Providers face these ethical challenges with commitment

They must make clinical, legal determinations

The need to protect others from a potentially harmful patient is a pressing ethical issue not just for health care providers, but for society to contemplate at this juncture, according to Gary E. Jones, PhD, JD, professor in the Philosophy Department at University of San Diego (CA).

“If there is an ethical dilemma surrounding involuntary commitment, it is society’s heretofore unwillingness to address mental illness as a whole,” says Jones. “Involuntary commitment is only one aspect of mental illness, albeit a significant aspect when lives are lost as a result of a mentally ill person who is dangerous.”

The legal and clinical worlds have mechanisms in place to involuntarily commit a person when they are a danger to themselves, to others, or when they are gravely disabled, says Jones, but “the whole process of involuntary commitment is only as effective as the laws which regulate it.”

Thus, if society as a whole believes the laws governing involuntary commitment are ineffective, the onus is on society to change the laws, he argues. “There is virtually no opportunity during the process of involuntary commitment to make an arbitrary decision as to committing a person if the clinician, law enforcement personnel, and legal representative are following the law and their particular training,” says Jones. “Simply put, if the person in question meets certain clinical and legal criteria, he or she may be involuntarily committed.”

Awareness of laws

There are two determinations to make — a clinical and legal determination — before a person is involuntarily committed, says Jones. Clinically, a psychosocial history is taken, the person is questioned as to the imminence of the danger to self, to others, or grave disability, and a provisional diagnosis of a mental illness is made or a person’s previous psychiatric diagnosis is reviewed.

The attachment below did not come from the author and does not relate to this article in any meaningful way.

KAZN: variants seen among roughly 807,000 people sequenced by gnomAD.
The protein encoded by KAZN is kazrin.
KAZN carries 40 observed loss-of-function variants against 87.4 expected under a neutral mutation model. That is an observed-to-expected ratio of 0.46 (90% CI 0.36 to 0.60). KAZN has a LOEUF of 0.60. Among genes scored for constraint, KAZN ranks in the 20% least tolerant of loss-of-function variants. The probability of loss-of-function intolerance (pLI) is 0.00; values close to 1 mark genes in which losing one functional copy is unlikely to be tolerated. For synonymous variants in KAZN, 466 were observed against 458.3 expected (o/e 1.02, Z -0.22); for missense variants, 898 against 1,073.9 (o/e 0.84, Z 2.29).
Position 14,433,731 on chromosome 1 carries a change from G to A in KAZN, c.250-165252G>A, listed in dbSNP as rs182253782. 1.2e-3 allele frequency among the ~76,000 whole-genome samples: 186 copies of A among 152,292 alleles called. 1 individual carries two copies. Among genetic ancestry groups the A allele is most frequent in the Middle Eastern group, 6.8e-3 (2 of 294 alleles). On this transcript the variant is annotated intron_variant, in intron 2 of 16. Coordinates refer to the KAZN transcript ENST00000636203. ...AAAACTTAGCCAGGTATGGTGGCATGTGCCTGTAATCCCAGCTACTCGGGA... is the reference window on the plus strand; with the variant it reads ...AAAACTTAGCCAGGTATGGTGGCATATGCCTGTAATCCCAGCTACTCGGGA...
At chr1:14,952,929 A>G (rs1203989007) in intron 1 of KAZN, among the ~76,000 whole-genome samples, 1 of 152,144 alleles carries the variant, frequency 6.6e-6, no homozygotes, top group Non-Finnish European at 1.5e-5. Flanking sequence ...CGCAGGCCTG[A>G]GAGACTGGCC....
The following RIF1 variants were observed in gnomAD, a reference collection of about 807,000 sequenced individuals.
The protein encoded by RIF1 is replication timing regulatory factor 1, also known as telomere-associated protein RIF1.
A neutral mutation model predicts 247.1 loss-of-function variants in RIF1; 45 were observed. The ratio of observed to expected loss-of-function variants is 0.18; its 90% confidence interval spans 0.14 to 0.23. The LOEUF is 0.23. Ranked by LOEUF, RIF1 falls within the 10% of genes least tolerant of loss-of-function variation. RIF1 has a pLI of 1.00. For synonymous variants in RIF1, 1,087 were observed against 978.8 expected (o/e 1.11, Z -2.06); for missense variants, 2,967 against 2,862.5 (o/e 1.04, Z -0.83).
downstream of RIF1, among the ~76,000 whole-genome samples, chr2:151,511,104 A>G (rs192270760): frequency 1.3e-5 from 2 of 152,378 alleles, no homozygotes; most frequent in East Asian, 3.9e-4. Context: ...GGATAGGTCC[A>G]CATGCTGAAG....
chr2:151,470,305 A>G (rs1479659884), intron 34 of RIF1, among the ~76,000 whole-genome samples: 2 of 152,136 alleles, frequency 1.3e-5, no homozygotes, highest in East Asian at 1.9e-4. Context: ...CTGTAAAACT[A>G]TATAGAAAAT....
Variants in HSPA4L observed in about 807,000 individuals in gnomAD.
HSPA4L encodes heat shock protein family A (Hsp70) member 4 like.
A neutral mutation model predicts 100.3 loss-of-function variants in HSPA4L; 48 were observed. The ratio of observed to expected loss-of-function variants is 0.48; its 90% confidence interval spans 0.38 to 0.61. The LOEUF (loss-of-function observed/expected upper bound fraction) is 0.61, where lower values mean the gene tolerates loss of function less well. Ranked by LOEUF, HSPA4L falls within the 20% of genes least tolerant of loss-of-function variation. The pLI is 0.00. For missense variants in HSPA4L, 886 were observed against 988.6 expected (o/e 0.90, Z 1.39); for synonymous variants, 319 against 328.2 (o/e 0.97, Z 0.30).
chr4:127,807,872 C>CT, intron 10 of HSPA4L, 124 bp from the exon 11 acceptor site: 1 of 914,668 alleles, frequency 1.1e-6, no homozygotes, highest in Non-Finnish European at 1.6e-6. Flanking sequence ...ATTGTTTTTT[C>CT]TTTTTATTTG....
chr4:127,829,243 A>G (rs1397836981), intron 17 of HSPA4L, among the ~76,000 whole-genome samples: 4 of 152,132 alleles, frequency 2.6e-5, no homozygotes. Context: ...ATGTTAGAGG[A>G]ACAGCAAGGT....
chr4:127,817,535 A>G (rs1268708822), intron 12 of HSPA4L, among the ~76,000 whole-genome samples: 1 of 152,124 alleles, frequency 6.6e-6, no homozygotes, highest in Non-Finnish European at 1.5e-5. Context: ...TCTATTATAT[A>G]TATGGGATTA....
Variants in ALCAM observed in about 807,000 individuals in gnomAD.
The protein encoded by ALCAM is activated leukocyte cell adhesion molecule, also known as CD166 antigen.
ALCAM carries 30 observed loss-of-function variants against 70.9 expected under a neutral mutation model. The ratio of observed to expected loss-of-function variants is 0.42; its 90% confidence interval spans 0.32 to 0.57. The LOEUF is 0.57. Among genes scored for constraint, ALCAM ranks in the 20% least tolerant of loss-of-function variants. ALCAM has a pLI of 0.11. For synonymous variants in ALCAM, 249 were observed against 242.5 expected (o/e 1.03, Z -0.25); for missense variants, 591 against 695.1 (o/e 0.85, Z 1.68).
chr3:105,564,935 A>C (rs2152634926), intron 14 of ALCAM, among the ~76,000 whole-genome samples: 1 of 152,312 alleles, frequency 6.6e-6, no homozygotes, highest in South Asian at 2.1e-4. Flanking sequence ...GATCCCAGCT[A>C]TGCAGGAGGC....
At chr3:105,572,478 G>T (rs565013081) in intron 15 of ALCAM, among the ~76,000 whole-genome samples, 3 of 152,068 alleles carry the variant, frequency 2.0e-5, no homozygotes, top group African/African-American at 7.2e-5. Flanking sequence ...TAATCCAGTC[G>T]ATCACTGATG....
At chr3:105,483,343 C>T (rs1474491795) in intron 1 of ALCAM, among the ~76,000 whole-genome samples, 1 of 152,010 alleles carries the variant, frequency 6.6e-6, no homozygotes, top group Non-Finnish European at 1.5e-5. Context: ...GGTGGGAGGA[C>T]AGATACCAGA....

“Much information must be gathered and put into context in order to determine whether a person is a danger to themselves, to others, or is gravely disabled,” says Jones. Legally, the threshold, or burden of proof, to determine or persuade authorities that there is an imminent danger to self, to others, or grave disability is very low — that of probable cause, which is a relatively low standard of evidence, he notes.

When a person is put on a 72-hour involuntary hold, he or she is continually observed and assessed with the goal of stabilizing that person, says Jones, and the psychiatric facility must make the determination to petition the court to extend the involuntary hold or release the person. “Many factors are taken into consideration as to whether the facility will release the person or extend the hold,” says Jones. For example, if the person has little or no psychiatric history and has been stabilized, he or she is usually released and given referrals for outpatient treatment, but if the person has not been stabilized, and there is a previous psychiatric history, the hold is usually extended.

“The Sandy Hook school shooting will not change the way a clinician or a legal representative determines whether a person should be involuntarily committed,” says Jones. “This horrific massacre should change society’s awareness of the laws governing involuntary commitment, and more broadly, treatment for the mentally ill. Through this awareness, the laws must change.”


  • Marianne L. Burda, MD, PhD, Pittsburgh, PA. Phone: (724) 933-0265. E-mail:
  • Gary E. Jones, PhD, JD, Professor, Philosophy Department, University of San Diego (CA). Phone: (619) 260-4089. E-mail:
  • John Z. Sadler, MD, The Daniel W. Foster, MD, Professor of Medical Ethics, UT Southwestern, Dallas, TX. Phone: (214) 648-4960. E-mail: